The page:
redemption and need for future hope, and even the adequacy and inadequacy ofreligious language itselfto express truth.

Church and world. Early Christian discourse as we have come to know it is both worldly and other-worldly. The apostle Paul said 'the form of this world is passing away' even as he founded churches and spoke of 'laying a foundation' (1 Cor 7:31; 3:10-11). While some think it was Constantine who 'sold out' and transformed a counter-cultural church into an enfranchised political establishment,4 the relationship between Christians and the social order was from the start much more complex and mutually influencing. It was to remain so, with some figures fleeing the city for the desert,5 and others finding in the city the proper home for Christian life and vocation. The tension between living in this world and hoping for the next is reincarnated by Christians in each age, always impacted by the current political situation and events, and triggered by key figures, like the Montanists, who rekindle apocalyptic fervour for their times when it seems to have faded. This view is unfailingly greeted by a mixed response: some applaud them as the true faithful, others as extremist heretics.

Beginnings and endings, old and new. The earliest Christians sought to defend their faith as simultaneously very ancient, rooted in the prophets of Israel, and a novelty of cosmic divine revelation in recent times. Christian self-identity, rooted as it was in scriptures appropriated from the Jews, was then and always thereafter would be defined in relation to Jews and Judaism; though the parameters have continually changed, tragically the ancient mode of apologetic invective has been continually re-enacted in quite different historical epochs. The project of self-definition, in antiquity and beyond, has always involved the construction of beginnings, and a claim of unique or special fidelity to them. In that sense the present volume stands in a malleable relationship to the ones which follow. The complex analytical framework we have sought to provide here is an aggregate scholarly reconstruction of ancient events and developments. But, in the history of Christianity, this narrative has been written - in texts and in lives - in Christian communities in every time and place. Ancient Christianity provides the raw materials - Peter and Paul, Jerusalem and Rome, Alexandria and Antioch, martyrs and monks, bishops and prophets - that will be reconfigured and recast in the mosaic self-portraits of each generation to come in manifold ways.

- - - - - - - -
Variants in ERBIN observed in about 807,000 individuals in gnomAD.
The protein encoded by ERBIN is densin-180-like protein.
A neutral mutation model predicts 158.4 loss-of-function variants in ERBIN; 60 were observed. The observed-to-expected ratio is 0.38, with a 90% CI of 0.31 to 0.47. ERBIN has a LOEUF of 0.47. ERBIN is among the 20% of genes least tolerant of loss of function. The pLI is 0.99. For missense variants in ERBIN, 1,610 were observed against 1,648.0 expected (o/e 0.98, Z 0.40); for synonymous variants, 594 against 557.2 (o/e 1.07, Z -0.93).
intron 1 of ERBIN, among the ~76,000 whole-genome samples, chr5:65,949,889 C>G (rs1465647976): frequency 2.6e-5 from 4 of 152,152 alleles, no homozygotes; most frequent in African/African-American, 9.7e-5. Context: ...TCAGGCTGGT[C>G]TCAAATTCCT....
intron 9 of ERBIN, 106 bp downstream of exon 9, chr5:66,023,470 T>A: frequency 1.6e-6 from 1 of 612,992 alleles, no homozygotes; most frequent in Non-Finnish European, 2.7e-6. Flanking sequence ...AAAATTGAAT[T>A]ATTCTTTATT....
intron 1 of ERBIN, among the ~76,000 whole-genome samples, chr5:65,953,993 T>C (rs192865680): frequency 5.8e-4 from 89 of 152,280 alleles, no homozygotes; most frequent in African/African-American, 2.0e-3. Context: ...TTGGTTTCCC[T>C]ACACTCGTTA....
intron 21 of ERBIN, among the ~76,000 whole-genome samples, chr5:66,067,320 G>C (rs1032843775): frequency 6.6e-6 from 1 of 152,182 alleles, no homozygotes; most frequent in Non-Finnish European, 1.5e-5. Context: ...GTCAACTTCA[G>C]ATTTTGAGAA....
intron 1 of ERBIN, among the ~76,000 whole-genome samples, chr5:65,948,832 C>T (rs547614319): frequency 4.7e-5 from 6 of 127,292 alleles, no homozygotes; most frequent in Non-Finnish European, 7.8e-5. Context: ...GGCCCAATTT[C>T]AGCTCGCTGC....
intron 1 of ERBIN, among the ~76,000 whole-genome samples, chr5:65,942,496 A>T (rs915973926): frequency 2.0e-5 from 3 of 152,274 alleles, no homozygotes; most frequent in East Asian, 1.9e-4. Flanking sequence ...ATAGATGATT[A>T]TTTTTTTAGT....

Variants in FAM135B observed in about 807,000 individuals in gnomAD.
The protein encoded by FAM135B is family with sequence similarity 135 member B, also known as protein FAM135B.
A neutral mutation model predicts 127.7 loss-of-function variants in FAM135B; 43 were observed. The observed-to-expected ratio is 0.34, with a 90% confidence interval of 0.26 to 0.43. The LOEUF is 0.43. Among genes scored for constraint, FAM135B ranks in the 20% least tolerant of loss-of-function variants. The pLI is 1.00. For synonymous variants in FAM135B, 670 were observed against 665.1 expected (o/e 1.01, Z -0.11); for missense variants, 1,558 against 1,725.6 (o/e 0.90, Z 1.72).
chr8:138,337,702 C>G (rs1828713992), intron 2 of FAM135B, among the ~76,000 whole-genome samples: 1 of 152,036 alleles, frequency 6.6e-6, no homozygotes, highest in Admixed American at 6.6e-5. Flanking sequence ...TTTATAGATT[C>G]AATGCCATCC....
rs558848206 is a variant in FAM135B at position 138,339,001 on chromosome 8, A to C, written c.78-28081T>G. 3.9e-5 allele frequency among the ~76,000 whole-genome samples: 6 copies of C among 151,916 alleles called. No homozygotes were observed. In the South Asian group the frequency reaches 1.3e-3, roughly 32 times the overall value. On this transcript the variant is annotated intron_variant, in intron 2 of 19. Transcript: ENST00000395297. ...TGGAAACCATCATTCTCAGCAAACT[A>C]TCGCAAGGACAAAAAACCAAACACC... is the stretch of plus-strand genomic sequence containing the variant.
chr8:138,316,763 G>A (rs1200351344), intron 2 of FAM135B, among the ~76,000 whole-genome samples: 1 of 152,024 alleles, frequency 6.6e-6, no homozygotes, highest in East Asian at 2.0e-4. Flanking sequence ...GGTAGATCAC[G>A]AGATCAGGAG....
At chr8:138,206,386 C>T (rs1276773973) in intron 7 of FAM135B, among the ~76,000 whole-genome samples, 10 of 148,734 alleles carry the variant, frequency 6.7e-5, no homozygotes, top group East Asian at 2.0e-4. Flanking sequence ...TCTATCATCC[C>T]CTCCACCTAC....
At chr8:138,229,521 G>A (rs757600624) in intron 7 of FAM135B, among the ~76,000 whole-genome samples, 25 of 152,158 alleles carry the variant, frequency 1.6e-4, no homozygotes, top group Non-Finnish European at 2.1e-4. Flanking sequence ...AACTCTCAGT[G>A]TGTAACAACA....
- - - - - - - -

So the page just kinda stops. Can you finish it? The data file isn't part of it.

4 Crossan, Jesus: a revolutionary biography, 201: 'Is it time now, or is it already too late, to conduct, religiously and theologically, ethically and morally, some basic cost accounting with Constantine?'

5 Brown, Body and society.

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